The Poet and the Bookkeeper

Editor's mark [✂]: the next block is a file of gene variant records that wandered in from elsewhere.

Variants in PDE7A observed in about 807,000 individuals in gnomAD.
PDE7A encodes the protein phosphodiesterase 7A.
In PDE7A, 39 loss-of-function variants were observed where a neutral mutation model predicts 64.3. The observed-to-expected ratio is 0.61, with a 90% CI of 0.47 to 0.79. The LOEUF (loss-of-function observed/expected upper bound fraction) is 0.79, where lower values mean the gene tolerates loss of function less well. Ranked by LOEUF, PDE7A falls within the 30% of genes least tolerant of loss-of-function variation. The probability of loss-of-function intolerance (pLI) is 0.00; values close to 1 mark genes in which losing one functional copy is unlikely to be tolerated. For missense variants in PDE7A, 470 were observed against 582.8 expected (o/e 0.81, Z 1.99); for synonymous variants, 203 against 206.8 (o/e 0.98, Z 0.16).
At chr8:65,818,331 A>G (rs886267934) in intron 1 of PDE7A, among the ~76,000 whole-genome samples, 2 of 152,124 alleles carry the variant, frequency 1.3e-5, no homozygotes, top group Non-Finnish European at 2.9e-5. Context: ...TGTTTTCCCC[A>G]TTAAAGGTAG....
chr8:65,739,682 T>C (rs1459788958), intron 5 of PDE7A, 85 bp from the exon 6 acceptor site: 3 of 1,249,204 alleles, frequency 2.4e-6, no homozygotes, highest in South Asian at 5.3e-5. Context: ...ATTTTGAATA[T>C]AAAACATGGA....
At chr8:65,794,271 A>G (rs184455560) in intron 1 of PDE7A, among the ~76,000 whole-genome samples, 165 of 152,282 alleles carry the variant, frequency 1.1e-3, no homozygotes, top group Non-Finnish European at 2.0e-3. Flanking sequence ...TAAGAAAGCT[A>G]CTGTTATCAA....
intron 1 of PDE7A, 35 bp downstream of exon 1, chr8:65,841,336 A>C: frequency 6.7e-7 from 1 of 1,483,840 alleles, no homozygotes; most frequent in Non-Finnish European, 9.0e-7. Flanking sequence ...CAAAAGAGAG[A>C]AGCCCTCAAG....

In his Fresh Air interview regarding Argo, Ben Affleck comments on his role as a director and how when recounting true events, one comes to the controversy of the poet versus the bookkeeper. The bookkeeper would tell things exactly as they occurred, keeping things 100% historically accurate. This, however, is not possible when a movie has to be kept within a certain time limit. Thus, the director must assume the role of the poet. The question arises, asking whether or not the story stayed true or not to reality after a poet has touched it. Affleck believes that a good poet does in fact keep the soul of the story intact, but embellishes to capture emotions and things unseen by the public. I believe this to be just in its reasoning, and in a way, might better reflect the truth of the story. It is because it conveys events and emotions on a more personal level with the audience that, while remaining true to the soul of the story line, can help us to better understand the fullness of the event or story. Merely relaying facts and sticking to dialogue strictly might be more accurate, but people might not be able to grasp or connect with the complexity of the situation that really existed. This can be translated to reading the Gospels for similar reasons.